Monday, June 23, 2014
"No accurate thinker will judge another person by that which the other person's enemies say about him."
"If your brother sins against you, go and tell him his fault, between you and him alone. If he listens to you, you have gained your brother.” – St Matthew
Gospel text: (MT 7:1-5)
Jesus said to his disciples:
“Stop judging, that you may not be judged.
For as you judge, so will you be judged,
and the measure with which you measure will be measured out to you.
Why do you notice the splinter in your brother’s eye,
but do not perceive the wooden beam in your own eye?
How can you say to your brother,
‘Let me remove that splinter from your eye,’
while the wooden beam is in your eye?
You hypocrite, remove the wooden beam from your eye first;
then you will see clearly
to remove the splinter from your brother’s eye.”
Do not judge, that you may not be judged. Is the Lord telling us to “see no evil, hear no evil, speak no evil”, to be naive and undiscerning? Part of the prophetic role of the baptized is precisely that: to be prophetic, not to abstain from taking positions. Part of our being sent is to call evil what is evil and good what is good. But this does not necessarily mean that we have to set ourselves up as judges of others.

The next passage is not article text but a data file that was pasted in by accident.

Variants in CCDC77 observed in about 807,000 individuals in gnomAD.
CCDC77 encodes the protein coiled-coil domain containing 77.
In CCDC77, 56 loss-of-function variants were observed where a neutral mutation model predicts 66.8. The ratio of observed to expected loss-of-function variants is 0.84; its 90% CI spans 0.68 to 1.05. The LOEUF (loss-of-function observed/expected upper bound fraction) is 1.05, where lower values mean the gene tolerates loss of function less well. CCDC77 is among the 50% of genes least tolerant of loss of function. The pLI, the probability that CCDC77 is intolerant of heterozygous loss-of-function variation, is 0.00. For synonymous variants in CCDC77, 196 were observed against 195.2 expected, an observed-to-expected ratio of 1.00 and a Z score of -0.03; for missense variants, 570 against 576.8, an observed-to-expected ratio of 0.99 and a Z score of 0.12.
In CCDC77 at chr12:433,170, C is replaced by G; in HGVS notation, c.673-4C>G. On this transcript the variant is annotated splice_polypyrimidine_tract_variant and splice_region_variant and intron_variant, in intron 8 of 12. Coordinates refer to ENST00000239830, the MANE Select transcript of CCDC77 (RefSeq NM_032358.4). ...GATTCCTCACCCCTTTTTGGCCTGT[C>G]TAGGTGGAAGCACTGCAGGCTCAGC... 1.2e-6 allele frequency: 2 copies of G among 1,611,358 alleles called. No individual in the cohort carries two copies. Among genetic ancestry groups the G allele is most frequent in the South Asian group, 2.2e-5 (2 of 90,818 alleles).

In the English language, a pertinent distinction is offered in the use of two different words, namely, critiquing and criticizing. They both have the same etymological root, but they have different meanings. We critique products: books, poetry, paintings, music... We critique actions, strategies, principles... The moment we pass from products to persons, from actions to agents, we are no longer critiquing, we are criticizing. And in criticizing we are setting ourselves up as judges of our brothers and sisters, we become “personal” in our passing judgment. We are able to critique products, because, at least to some extent, we can “measure” their quality. But we do not have any sure gauge to measure the intention and heart of the agent, as distinct from the action itself, and so to criticize the person.
I believe this is the context of the Lord’s injunction do not judge: do not condemn (the person), that you may not be condemned. Whether we judge/criticize or not, we are all going to be judged one day by the One, who is entitled to do so: The Father has entrusted all judgment to the Son [Jn. 5:22].
So yes, we are asked [Mt. 16:16] to be simple as doves, but shrewd as serpents. Simple toward people, but prophetically shrewd toward actions, policies, products.
Posted by Joe Reciniello at 5:57 AM